Born in a Nazi labor camp in 1943, Ryszard Krynicki came of age as a poet in the Communist Poland of the 1960s and ’70s, which were characterized by stifling repression and state propaganda. He was part of the New Wave, a group of young poets who saw their poetry as a form of resistance—“posthumous children of the cruelest of wars / living in a time of cruel peace,” as he puts it in a poem from Our Life Grows. Recently reissued by New York Review Books, the collection was originally published in France in 1978 (Krynicki was placed on a complete publication ban in Poland in 1976). Krynicki, like other New Wave poets, was silenced in his country, forced underground or abroad. As Adam Michnik describes it in the afterword, Krynicki and others “chose nonexistence” rather than acquiescence. Much of Krynicki’s poetry deals with the need to speak out in response to evil—to do what your age requires of you. As he writes in “You Came Down On One Side”: “don’t think that the time / in which it falls to us to live / is just a noncommittal tryout / in the theater of the future.” With its simplicity and insight, Krynicki’s poem “No need” is one of the most stunning poems of resistance that I’ve read:
No need to look for them,
They will be found, slaves
inclined to wield a power
that only love
and a fatal disease
can have over us.
These poems are urgent yet timeless, despairing yet hopeful—and instructive, valuable looks into the long slog of resistance. —Joel Pinckney
Ditmas Lit is a monthly reading series in the back of a bar called Hinterlands. The chairs fill up, and so about half the audience sits on the floor, drinking. There’s no representative style. One minute it’s erotic poetry, the next it’s a story called “Pancake Spring” about the millennial granddaughter of IHOP’s founder, who inherits the IHOP Twitter account and, rather than sell it back to corporate, decides to use it as a megaphone to start a revolution. What unifies the events is the sense of occasion. D. L. readers appreciate that if you’re going to schlep to a bar on a Wednesday night and have a piece read to you, rather than read it yourself in bed, as God intended, then the experience may as well feature some element of showmanship. They choose work they’re excited about. They speak into the microphone. They bring it. Past readers include Sarah Gerard, Zack Graham, Rebecca Schiff, Ben Lasman, Donika Kelly, One Story’s Lena Valencia, and the event’s founders, Rachel Lyons and Sarah Bridgins. December 6 is their one-year anniversary show. Get there early and snag a chair, or arrive late and feel like a kid again. —Brent Katz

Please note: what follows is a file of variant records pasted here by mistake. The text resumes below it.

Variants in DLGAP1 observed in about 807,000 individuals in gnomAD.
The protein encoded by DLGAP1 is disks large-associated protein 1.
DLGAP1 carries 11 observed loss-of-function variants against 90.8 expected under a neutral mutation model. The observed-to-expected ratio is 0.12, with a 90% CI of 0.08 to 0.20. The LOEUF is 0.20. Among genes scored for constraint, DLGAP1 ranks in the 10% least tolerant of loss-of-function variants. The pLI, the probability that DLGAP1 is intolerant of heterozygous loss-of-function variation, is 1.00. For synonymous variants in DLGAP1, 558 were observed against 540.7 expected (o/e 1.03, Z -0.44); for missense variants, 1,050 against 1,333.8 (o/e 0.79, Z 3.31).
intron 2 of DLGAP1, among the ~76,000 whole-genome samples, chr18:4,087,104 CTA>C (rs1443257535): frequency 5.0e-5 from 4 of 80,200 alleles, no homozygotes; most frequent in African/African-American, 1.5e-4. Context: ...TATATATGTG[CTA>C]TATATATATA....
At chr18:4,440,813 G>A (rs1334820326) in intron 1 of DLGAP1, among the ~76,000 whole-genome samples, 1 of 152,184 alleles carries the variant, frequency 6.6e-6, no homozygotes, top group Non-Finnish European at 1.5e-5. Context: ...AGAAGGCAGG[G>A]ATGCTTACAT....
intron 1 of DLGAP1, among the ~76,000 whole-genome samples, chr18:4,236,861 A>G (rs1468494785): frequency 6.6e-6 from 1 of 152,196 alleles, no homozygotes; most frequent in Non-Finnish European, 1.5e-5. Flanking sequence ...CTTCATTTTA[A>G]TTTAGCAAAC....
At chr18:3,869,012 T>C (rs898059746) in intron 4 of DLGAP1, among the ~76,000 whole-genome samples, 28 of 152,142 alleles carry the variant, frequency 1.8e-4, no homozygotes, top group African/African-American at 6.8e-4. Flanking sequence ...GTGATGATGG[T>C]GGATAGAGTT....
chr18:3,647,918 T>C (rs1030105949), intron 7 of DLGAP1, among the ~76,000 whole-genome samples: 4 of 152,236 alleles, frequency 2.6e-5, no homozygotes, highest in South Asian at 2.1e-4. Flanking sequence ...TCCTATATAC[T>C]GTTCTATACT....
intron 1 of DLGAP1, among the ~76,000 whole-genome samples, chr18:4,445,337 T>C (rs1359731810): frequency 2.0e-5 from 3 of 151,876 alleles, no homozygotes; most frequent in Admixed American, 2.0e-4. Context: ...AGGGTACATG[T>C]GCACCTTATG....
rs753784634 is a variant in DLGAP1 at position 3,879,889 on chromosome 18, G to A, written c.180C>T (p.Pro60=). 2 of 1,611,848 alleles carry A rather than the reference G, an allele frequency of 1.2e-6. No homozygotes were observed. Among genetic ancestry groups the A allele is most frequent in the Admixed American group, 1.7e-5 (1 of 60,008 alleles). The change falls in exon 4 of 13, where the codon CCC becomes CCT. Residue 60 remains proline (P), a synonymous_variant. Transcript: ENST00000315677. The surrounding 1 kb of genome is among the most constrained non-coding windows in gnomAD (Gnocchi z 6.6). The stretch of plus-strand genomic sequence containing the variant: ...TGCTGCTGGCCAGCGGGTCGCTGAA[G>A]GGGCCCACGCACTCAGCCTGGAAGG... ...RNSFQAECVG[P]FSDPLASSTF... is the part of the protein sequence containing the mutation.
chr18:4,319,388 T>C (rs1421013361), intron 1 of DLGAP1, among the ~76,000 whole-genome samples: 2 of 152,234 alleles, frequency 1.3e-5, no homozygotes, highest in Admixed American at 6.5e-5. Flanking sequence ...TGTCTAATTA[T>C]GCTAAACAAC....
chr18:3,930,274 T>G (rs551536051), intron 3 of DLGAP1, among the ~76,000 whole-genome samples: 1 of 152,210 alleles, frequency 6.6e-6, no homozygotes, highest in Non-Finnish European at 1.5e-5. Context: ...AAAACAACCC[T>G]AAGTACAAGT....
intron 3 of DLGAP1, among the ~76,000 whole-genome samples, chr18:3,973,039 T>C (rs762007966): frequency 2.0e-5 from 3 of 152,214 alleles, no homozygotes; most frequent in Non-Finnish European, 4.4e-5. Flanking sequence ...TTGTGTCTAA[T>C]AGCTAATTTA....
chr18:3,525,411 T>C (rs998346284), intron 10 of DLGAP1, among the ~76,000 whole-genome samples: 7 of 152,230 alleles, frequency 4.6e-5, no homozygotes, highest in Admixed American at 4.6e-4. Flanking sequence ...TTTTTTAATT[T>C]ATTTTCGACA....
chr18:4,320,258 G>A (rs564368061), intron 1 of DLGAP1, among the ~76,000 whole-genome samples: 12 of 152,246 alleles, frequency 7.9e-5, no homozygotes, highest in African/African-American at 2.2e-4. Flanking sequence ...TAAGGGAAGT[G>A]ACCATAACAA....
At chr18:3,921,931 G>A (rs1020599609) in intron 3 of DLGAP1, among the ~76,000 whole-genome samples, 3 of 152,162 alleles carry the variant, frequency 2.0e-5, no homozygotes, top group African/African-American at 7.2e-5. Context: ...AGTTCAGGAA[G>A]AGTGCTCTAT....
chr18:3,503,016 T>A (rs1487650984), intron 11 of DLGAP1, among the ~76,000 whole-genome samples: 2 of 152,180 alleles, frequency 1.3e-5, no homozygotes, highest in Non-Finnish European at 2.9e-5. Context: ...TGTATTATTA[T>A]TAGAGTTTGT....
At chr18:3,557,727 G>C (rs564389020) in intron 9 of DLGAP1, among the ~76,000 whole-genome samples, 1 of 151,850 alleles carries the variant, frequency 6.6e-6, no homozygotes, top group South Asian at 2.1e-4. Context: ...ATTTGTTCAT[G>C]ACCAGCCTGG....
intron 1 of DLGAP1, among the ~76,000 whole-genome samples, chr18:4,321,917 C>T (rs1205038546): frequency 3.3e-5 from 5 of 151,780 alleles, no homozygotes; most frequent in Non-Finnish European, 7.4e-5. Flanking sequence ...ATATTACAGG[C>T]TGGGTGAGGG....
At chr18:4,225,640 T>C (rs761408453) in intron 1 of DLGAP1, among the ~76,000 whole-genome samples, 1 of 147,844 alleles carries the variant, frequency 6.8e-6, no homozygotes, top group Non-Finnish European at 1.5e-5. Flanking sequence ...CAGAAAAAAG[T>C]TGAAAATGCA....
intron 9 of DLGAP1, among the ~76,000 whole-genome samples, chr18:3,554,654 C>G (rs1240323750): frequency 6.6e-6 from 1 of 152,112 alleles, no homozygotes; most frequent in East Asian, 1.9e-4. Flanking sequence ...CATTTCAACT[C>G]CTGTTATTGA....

Don’t let the subtitle put you off. Kathleen Hill’s She Read to Us in the Late Afternoons: A Life in Novels is spellbinding. Mainly it describes Hill’s years in the 1960s—teaching English in Nigeria, as a young wife and mother, then later in the French countryside—and examines her life through the lens of her late-night reading: Things Fall Apart, or Portrait of a Lady, or Diary of a Country Priest. The last chapter jumps ahead to New York City in the 1980s, where Hill found herself reading Proust out loud to the formidable critic Diana Trilling, who was then in her eighties, widowed, and nearly blind. Throughout, Hill writes with great elegance, clarity, and soul, but one passage leapt out at me for personal reasons. It describes the seating arrangements in the Trillings’ apartment on Claremont Avenue, but it also describes—just as accurately—the style we’ve been trying to achieve in the recording studio for The Paris Review Podcast: “A listener needs room to be alone in the expanding world of the story. And a voice telling a story requires space if it is to assume the anonymity of a voice crying in the wilderness, requires at least the illusion of speaking beyond time and place.” This is no mere book-lover’s memoir, for it too gives the illusion of speaking beyond time and place, from across a quiet room and decades of thoughtful living. —L. S.